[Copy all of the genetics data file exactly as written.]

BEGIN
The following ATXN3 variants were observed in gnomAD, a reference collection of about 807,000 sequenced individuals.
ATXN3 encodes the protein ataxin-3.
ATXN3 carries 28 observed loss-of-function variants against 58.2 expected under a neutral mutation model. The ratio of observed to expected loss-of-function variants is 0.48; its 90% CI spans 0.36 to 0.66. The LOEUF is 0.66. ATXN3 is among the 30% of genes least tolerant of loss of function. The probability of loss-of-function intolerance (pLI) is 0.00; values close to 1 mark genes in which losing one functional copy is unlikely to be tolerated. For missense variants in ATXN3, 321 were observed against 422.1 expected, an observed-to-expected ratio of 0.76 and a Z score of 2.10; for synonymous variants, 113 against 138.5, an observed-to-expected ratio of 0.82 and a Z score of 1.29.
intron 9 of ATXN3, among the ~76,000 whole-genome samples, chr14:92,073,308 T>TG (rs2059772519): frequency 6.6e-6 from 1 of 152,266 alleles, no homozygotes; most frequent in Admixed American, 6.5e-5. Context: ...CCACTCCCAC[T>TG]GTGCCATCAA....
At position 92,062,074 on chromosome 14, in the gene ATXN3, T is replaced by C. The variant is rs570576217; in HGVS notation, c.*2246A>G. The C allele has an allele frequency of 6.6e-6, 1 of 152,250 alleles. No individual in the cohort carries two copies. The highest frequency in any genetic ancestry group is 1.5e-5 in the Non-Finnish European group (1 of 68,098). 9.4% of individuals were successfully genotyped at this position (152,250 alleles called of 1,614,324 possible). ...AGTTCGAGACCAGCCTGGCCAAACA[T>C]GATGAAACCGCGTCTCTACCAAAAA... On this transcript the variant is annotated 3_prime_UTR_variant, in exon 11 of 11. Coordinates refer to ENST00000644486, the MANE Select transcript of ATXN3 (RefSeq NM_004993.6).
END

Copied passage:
The following ATXN3 variants were observed in gnomAD, a reference collection of about 807,000 sequenced individuals.
ATXN3 encodes the protein ataxin-3.
ATXN3 carries 28 observed loss-of-function variants against 58.2 expected under a neutral mutation model. The ratio of observed to expected loss-of-function variants is 0.48; its 90% CI spans 0.36 to 0.66. The LOEUF is 0.66. ATXN3 is among the 30% of genes least tolerant of loss of function. The probability of loss-of-function intolerance (pLI) is 0.00; values close to 1 mark genes in which losing one functional copy is unlikely to be tolerated. For missense variants in ATXN3, 321 were observed against 422.1 expected, an observed-to-expected ratio of 0.76 and a Z score of 2.10; for synonymous variants, 113 against 138.5, an observed-to-expected ratio of 0.82 and a Z score of 1.29.
intron 9 of ATXN3, among the ~76,000 whole-genome samples, chr14:92,073,308 T>TG (rs2059772519): frequency 6.6e-6 from 1 of 152,266 alleles, no homozygotes; most frequent in Admixed American, 6.5e-5. Context: ...CCACTCCCAC[T>TG]GTGCCATCAA....
At position 92,062,074 on chromosome 14, in the gene ATXN3, T is replaced by C. The variant is rs570576217; in HGVS notation, c.*2246A>G. The C allele has an allele frequency of 6.6e-6, 1 of 152,250 alleles. No individual in the cohort carries two copies. The highest frequency in any genetic ancestry group is 1.5e-5 in the Non-Finnish European group (1 of 68,098). 9.4% of individuals were successfully genotyped at this position (152,250 alleles called of 1,614,324 possible). ...AGTTCGAGACCAGCCTGGCCAAACA[T>C]GATGAAACCGCGTCTCTACCAAAAA... On this transcript the variant is annotated 3_prime_UTR_variant, in exon 11 of 11. Coordinates refer to ENST00000644486, the MANE Select transcript of ATXN3 (RefSeq NM_004993.6).